“Article 22(2) basically says that every person who has been taken into custody has a right to be produced before the nearest magistrate and nearest means from where they have been arrested. You cannot say that the Patiala House court in Delhi is the nearest because the case is registered in Delhi. That is simply not allowed at all.” - Alok Prasanna
Secondly, you cannot ignore the requirement of a lawyer of choice and say I will ignore whatever lawyer you want, take a legal aid lawyer. It is not a case where you are stopping her from committing an imminent illegality. What is the hurry to get her into police custody? Did Disha have a chance to speak to the legal aid lawyer given to her? Did she have a chance to present some sort of a legal argument? That is the second big illegality.
Context Is Important In Determining Sedition, Says Sanjay Hegde
From the publicly available information there is nothing till now which suggests sedition which has a very high bar.
The way the Supreme Court has interpreted it in Kedar Nath and Balbir Singh cases is that the speech must not only cause disaffection but there must be an incitement to immediate violence. The Supreme Court judgment in Balbir Singh case also looks for context because in Balbir Singh, there were two Sikh gentlemen who raised Khalistani slogans and anti-India slogans on the day that Indira Gandhi was shot dead. Despite that, the Supreme Court saw it fit not to convict.
“Sedition broadly is a section which has been upheld with riders by the Supreme Court and it is to be used in the rarest of the rare circumstances.” - Sanjay Hegde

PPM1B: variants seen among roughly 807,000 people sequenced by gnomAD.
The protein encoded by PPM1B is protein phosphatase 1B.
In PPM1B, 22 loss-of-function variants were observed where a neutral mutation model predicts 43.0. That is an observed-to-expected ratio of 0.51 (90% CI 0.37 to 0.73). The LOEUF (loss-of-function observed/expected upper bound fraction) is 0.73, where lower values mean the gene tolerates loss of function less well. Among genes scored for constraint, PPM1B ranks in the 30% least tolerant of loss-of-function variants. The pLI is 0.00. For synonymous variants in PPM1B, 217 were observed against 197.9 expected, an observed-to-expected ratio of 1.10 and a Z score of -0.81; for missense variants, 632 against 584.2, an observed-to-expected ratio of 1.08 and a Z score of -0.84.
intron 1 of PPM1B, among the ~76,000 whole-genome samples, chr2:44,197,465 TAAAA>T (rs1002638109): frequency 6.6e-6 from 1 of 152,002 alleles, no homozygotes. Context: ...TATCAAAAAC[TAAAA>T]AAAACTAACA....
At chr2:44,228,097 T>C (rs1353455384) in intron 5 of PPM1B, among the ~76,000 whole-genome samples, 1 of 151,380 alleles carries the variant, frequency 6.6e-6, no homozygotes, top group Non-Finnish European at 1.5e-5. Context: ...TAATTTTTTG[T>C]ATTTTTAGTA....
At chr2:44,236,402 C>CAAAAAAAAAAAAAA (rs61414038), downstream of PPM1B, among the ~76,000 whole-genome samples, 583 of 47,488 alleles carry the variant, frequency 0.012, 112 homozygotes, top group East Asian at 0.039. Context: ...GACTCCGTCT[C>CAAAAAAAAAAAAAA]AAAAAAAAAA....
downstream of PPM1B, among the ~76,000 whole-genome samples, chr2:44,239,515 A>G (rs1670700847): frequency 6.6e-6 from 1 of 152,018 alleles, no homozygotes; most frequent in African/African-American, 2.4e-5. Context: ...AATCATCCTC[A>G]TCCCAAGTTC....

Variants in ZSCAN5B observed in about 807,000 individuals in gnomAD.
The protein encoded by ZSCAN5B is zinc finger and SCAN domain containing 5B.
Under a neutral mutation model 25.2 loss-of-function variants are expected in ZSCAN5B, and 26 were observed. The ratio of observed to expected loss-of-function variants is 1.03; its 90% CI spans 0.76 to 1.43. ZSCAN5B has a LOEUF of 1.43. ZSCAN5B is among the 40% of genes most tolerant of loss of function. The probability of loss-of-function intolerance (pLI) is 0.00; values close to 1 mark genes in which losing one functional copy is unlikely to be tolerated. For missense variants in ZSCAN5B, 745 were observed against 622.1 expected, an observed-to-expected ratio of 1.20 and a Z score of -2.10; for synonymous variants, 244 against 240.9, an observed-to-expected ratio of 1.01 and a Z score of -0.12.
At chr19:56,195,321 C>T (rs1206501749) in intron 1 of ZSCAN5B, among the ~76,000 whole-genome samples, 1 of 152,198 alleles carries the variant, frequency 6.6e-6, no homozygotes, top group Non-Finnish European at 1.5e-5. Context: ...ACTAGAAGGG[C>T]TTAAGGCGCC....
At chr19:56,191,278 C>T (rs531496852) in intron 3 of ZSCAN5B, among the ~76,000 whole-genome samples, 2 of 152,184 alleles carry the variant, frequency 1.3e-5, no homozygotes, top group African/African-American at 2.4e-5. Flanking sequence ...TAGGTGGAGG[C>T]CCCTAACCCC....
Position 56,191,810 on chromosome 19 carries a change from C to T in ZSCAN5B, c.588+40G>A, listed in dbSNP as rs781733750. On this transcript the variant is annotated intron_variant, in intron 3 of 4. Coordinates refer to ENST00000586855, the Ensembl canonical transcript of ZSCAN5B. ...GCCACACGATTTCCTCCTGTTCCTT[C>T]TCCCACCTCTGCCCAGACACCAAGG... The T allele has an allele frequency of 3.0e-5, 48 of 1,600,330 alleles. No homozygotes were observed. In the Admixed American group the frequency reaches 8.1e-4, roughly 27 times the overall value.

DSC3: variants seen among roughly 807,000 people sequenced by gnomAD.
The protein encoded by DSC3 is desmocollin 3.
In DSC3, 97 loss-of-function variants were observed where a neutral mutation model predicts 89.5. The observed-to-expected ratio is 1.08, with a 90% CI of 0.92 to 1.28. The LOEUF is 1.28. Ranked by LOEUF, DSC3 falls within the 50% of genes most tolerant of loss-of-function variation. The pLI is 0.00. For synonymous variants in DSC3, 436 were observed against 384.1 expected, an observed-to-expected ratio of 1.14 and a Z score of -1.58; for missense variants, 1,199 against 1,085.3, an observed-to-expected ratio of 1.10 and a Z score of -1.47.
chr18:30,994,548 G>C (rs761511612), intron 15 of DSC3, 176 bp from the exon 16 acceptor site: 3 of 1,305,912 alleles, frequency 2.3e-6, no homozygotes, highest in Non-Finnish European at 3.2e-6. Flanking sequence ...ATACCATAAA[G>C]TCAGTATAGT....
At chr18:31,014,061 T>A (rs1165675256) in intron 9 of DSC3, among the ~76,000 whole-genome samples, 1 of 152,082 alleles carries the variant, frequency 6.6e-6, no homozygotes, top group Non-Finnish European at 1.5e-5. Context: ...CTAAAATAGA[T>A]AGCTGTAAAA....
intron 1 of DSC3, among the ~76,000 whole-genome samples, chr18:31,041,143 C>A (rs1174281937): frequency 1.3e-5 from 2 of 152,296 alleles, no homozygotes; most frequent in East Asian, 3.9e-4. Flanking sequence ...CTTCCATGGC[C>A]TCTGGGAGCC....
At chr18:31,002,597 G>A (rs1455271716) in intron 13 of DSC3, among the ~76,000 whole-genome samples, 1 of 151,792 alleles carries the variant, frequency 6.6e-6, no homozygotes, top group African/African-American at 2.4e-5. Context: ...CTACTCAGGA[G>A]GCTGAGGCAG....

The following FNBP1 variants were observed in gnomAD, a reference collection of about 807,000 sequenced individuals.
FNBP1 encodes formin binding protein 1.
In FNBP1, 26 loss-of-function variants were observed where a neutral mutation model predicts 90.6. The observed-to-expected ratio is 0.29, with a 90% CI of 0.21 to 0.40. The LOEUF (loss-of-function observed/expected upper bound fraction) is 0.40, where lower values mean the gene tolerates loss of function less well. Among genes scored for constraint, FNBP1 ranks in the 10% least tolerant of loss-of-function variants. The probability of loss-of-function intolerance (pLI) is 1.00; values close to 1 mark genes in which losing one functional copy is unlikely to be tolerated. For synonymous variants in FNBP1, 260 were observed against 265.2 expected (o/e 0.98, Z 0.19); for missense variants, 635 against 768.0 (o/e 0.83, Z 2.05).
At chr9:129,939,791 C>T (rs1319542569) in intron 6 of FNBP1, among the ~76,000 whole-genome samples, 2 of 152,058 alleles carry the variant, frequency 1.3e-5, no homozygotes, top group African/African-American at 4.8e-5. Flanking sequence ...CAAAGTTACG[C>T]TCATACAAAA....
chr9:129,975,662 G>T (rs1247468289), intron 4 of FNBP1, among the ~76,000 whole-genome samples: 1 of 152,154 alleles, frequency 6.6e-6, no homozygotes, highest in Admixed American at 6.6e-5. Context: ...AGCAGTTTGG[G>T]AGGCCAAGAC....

On arrest, the Delhi police seems to have gone on the footing that no transit remand proceedings are necessary in some cases. But those cases also have to be looked at in context. Article 22 of the Constitution says that the person has to be produced in front of the nearest magistrate.
“You have to produce the person within 24 hours in front of the nearest magistrate. There was nothing in the facts of the case which obliviated the need for a transit magistrate.” - Sanjay Hegde
It can be said that any alleged violation of procedure may not ipso-facto take away the brunt of the main case. However, a court which notices the violation of procedure can very well relegate parties back to the situation before the violation. So theoretically in this case, the court could have set her free and directed the Delhi police to take her back home and then follow the procedure.